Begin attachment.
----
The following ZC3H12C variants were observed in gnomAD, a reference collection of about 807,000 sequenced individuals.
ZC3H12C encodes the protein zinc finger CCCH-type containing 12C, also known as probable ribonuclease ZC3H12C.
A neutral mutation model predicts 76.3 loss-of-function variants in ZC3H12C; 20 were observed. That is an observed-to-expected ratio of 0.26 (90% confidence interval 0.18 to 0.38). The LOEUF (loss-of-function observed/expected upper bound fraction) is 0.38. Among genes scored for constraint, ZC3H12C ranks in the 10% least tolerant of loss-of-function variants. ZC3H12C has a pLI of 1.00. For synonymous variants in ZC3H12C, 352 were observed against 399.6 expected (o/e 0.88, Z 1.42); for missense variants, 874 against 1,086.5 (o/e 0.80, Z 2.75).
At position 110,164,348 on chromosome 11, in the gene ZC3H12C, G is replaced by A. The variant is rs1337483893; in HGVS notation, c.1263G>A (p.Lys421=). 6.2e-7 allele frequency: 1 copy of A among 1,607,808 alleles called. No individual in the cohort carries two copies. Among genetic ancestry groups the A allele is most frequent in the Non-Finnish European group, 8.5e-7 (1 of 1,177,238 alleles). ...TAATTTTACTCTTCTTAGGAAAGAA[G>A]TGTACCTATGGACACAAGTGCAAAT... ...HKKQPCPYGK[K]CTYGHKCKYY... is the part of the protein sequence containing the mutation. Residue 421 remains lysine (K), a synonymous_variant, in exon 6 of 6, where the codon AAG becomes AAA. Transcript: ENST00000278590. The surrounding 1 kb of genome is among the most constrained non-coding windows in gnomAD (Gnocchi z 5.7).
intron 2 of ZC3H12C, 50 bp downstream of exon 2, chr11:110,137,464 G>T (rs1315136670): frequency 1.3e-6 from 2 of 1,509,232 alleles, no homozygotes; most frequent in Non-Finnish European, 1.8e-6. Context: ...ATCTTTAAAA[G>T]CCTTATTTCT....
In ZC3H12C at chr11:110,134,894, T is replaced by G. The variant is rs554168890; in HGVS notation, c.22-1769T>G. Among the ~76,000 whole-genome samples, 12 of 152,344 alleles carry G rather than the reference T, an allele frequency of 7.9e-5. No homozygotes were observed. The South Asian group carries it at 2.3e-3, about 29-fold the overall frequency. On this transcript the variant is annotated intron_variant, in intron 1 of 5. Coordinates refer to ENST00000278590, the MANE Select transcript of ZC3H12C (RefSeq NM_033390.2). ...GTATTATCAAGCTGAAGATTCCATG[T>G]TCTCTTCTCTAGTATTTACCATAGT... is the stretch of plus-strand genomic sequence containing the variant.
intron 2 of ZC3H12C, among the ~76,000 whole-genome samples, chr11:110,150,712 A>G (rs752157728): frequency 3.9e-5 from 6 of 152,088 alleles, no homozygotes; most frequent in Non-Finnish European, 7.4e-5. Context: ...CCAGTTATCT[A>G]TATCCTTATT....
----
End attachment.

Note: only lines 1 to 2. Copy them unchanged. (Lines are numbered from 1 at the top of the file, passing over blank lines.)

The following ZC3H12C variants were observed in gnomAD, a reference collection of about 807,000 sequenced individuals.
ZC3H12C encodes the protein zinc finger CCCH-type containing 12C, also known as probable ribonuclease ZC3H12C.